Charges from Ambassador Bridge protest in Windsor, Ont., now up to 90
Unclear if any of the charges are related to the federal Emergencies Act invoked Monday
Dozens of charges have now been laid in relation to pandemic mandate protests in Windsor, Ont., that blocked Ambassador Bridge traffic, police said in releasing the latest figures a day after the Emergencies Act came into effect.
At least 46 people face a total of 90 charges in the bridge blockade, which started Feb. 7 and ended Sunday, police said Tuesday.
However, it's unclear if any of the charges stem from the federal act coming into force. CBC reached out to Windsor police for more details, but they said they weren't immediately available.
Prime Minister Justin Trudeau and his cabinet brought the Emergencies Act into effect Monday, giving more power to the federal government during a crisis. Trudeau said under the act, police are given more tools and the federal government is able to impose fines of up to $5,000 for breaking the law, pursue imprisonment not exceeding five years, or both.
RCMP are also permitted to enforce municipal bylaws and provincial offences, which is unusual as the RCMP does not normally carry out policing functions in Ontario.
Cabinet is also directing banks and financial institutions to halt the flow of funds to protest organizers.
"We have been there to support local police of jurisdiction and we are now putting forward fresh tools to do that," said Trudeau.
What's unclear is if the legislation may affect any of the dozens of protesters who've already been charged in the Ambassador Bridge blockade. Police enforced an injunction from an Ontario court on the weekend, leading to the reopening of the bridge on Monday.
Of the 90 charges, some individuals may face more than one count.
Here's a breakdown of what we know so far:
- 43 people charged with breaching a court order.
- 43 people charged with mischief over $5,000.
- One person charged with obstructing justice.
- One person charged with failing to attend court.
- One person charged with dangerous driving.
- One person is facing a Highway Traffic Act Charge for failing to remain.
Charges may be barrier to entering U.S.: lawyer
The charges could be a concern for people trying to cross the border, according to Windsor immigration lawyer Eddie Kadri.
"If criminal charges are going to be pursued and convictions are secured — if those convictions equate to crimes of moral turpitude — then they're going to have barriers of entrance into the United States," said Kadri.
"Even with a criminal charge but not a conviction, if they do attempt to cross into the United States, and the U.S. becomes aware of that charge, that charge stays on your record, it doesn't get removed or expunged from the U.S. system."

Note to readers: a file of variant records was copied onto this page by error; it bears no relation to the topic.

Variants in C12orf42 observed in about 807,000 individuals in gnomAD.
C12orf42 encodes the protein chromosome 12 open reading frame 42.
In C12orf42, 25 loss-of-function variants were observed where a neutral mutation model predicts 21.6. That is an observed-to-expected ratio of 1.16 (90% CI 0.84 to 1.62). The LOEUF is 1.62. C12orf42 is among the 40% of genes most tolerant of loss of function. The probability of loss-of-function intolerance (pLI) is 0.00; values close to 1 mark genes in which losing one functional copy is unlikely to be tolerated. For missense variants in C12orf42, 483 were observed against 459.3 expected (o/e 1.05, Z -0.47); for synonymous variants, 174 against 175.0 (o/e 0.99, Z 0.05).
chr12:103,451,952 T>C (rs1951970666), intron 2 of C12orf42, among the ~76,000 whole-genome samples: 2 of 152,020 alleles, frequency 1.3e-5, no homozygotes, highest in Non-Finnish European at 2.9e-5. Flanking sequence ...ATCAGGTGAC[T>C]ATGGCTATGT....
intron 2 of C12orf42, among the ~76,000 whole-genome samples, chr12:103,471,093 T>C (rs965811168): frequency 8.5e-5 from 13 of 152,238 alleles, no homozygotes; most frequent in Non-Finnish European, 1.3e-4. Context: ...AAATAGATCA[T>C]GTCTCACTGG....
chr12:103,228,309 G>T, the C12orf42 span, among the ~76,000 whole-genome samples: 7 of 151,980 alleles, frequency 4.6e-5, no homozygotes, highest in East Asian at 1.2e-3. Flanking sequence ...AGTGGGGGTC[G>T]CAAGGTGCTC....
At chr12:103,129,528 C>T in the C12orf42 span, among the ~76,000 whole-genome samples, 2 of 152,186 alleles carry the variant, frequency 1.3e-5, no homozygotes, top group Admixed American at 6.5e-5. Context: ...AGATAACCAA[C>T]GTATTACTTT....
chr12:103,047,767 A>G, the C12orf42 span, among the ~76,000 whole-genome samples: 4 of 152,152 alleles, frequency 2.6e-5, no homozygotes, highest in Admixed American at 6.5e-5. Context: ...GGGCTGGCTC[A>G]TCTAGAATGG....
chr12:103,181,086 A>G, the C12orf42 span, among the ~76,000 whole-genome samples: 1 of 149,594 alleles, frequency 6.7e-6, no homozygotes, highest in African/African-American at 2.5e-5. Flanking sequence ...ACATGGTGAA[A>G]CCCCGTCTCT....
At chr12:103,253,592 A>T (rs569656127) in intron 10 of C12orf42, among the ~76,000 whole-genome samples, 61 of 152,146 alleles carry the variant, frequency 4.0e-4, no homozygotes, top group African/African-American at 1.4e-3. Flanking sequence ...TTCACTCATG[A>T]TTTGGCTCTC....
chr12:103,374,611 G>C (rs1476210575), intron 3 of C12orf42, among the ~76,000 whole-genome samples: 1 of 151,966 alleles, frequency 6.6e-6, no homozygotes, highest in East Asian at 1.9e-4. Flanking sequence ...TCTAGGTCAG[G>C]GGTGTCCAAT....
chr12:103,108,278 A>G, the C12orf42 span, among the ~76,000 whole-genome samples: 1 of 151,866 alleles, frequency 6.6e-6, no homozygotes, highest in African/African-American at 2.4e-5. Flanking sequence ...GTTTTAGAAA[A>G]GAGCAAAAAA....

People must disclose information, including any charges against them, if asked by a border officer, said Kadri. While many charges may not fit the U.S.'s definition of "moral turpitude," Kadri said a wide range of crimes could be included.
"The element of criminal charges here really changes the game for some of these people, specially for those whose livelihoods depends on crossing the border."
Kadri said people can pursue waivers to be able to cross the border again, but they'd need to do that for their entire lives to be admitted to the U.S.
Windsor—Tecumseh Liberal MP Irek Kusmierczyk said that's something that could happen whether or not individuals are charged under the Emergencies Act.
"If Canadians undertake unlawful behaviour — even before the Emergencies Act — they're subject to certain penalties and consequences, and often times one of those consequences is if they have a criminal record, or if they have been convicted of unlawful behaviour, they may not be permitted into Canada or into the United States for example, and vice versa," he said to CBC News.
"Part of the Emergencies Act that is being implemented here is to introduce additional penalties and additional authorities for all levels of government."
When asked what prompted him to decide to invoke the never-before used legislation now, Trudeau said: "For me, the conversations I had with our Windsor MP, Irek Kusmierczyck, who was talking about the impact of the disruption of the Ambassador bridge almost as soon as it started happening. The impact on workers in the auto sector in the Windsor area and up the supply chain in southern Ontario ....
"The direct impact hurting the exact people these convoy protesters are purporting to represent."
Border must be treated with 'gravity,' MP says
Kusmierczyck explained the act is meant to target certain areas or infrastructure, like the Ambassador Bridge, to protect from future protests or blockades. Since the protest took place on a municipal road, jurisdiction fell to the City of Windsor, while the act now allows for RCMP to step in more quickly, he said.
"As we've seen over the last few days, the border and any interruption of the border is a national security issue and as such we must treat it with the gravity it requires," he said.
It's something Windsor Mayor Drew Dilkens is also watching for, as the federal government releases more details on the act.
Areas around the former protest site near the Ambassador Bridge have remained closed off by police, and the city is in a "heightened state of alert," over concerns protesters may return, said Dilkens.
"For those folks who live in the City of Windsor, this is not a pleasant experience now," he said Monday, explaining the effects of the blocked roadway.
The mayor said he wants to see solutions to open the roadway for municipal use, calling the bridge closure "not a Windsor-Essex issue" but a "national issue."
With files from John Paul Tasker, Dale Molnar, Tony Doucette
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